What is an AVA?

Last time we looked at all the useful information on a wine label, specifically U.S. wine labels.  Along with the type of wine, the vintage date and alcohol content, a wine label will usually tell you where the wine is from, geographically.

There are basically two categories for identifying where a wine is from; its appellation or its AVA.

An appellation is a geographical way of organizing where the grapes are grown. So, in the US, wine appellations generally are state or county names.  You'll find wine labels showing that they are from California, Oregon, or Washington. And, you'll find wines from Sonoma County, Monterey County or Santa Barbara County.  To be able to use a state's name or a county name on a wine label, at least 75% of the grapes used to produce the wine must have come from that location. The exception is in California, where if the label states "California" then 100% of the grapes must have come from within the state. 

Then there are geographical regions designated as American Viticultural Areas or AVAs.  This construct was started in the 1980's as a way to distinguish and protect very specific wine growing areas.   If a wine label states a specific AVA, then at least 85% of the grapes must have come from that region.  But, unlike many European wine growing regions, there are no restrictions on the type of grape that must be grown within each AVA.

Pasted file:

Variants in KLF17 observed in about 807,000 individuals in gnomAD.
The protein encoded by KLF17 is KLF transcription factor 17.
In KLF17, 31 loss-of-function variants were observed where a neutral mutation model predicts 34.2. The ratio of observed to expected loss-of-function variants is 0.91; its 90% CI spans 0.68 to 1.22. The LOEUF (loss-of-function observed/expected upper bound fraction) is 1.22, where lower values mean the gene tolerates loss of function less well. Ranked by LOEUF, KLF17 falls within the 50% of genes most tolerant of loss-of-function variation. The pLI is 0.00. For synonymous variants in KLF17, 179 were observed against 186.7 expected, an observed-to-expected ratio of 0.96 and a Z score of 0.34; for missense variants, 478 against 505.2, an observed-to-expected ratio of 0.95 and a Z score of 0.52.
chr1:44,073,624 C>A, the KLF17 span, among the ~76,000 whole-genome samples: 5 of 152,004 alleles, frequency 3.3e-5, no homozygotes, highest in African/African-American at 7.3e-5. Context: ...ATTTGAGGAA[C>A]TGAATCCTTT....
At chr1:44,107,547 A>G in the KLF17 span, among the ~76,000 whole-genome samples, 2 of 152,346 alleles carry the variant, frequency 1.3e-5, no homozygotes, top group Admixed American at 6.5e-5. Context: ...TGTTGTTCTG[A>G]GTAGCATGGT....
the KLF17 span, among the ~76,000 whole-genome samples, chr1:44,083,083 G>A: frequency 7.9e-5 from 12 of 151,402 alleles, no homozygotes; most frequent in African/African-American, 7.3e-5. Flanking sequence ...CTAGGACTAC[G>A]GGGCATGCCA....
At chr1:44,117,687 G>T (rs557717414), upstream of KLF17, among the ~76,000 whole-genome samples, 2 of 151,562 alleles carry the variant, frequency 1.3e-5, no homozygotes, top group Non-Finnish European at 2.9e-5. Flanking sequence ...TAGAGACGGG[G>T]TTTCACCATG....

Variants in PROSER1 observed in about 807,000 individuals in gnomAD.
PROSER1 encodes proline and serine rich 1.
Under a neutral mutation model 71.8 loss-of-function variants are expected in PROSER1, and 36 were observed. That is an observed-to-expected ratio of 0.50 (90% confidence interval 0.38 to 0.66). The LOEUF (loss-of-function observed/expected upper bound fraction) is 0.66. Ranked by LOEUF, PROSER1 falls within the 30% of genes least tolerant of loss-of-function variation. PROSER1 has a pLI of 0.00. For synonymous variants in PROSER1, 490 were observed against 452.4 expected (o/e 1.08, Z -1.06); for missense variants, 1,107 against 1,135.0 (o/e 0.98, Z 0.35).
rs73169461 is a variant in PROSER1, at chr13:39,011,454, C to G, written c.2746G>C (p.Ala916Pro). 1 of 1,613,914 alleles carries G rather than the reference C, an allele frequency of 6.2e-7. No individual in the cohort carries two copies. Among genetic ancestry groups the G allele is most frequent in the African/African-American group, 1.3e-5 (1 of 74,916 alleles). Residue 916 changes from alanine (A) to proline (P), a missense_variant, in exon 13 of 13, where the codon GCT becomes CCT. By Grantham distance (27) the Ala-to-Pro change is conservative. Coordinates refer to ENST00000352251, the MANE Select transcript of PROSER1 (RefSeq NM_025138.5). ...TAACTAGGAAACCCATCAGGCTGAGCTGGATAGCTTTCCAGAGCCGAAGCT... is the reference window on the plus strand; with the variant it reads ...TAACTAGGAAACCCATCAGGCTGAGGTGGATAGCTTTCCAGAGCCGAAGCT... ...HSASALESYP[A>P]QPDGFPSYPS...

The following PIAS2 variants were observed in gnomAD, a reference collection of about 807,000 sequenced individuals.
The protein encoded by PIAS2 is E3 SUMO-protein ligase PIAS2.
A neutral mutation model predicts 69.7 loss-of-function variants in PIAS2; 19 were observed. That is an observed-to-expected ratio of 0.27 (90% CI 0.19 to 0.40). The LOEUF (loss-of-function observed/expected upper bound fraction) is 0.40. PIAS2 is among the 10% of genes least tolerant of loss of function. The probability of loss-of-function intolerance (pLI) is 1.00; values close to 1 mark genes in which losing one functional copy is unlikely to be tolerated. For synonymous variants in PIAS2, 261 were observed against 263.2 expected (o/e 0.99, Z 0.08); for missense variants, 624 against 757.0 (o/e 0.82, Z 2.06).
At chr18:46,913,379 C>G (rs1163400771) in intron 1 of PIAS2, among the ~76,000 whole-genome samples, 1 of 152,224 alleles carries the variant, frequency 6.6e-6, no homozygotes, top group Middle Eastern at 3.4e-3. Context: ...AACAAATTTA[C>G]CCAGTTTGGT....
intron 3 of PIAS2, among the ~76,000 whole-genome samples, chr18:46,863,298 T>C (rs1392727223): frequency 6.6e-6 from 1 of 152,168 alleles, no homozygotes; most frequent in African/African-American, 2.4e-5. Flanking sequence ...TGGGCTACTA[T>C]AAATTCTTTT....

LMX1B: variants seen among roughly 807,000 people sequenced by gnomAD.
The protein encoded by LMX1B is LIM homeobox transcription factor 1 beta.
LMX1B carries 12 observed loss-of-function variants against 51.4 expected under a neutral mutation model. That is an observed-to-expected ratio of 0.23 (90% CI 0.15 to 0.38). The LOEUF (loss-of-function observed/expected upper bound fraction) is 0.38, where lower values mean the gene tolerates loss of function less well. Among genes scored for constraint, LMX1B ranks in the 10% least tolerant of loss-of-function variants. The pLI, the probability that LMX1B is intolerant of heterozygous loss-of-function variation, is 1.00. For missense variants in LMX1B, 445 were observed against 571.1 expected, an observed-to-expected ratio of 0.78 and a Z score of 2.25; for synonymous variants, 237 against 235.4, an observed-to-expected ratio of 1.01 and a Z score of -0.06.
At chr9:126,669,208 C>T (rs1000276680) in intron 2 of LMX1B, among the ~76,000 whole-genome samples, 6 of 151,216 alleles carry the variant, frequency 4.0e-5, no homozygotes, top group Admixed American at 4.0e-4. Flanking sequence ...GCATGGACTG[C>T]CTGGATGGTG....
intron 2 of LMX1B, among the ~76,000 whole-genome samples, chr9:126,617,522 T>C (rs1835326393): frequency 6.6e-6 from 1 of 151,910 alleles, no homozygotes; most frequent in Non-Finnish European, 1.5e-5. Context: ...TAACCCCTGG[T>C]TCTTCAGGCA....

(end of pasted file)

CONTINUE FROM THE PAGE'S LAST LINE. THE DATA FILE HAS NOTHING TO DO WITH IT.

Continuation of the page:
In California, major AVAs include Napa Valley, Sonoma Valley, Rutherford, Alexander Valley, Dry Creek and Russian River, just to name a few of the more than 100 AVAs across the state. AVAs typically have very unique growing conditions such as the climate, the soil type, the elevation or other physical features. And, within many large AVAs there are smaller AVAs.  So, for example, within the Sonoma Valley AVA you will find the Sonoma Mountain and Los Carneros AVAs. Also, an AVA does not have to be located entirely within a county or state. Examples include the Walla Walla and Columbia Valley AVAs that reside in both southern Washington and stretch across into northern Oregon.

And finally, AVAs are not stagnant. In 2014, the Paso Robles AVA located in California was divided into 11 separate AVAs.   This allows the wineries within each of the 11 unique regions to truly show off their distinct  geographical characteristics and climates and develop wine making  identities for themselves.

So start paying attention to the appellations or AVAs of wines that you enjoy. You'll find that there truly are distinct differences between wines of different regions and common characteristics of wines within a region.  Cheers!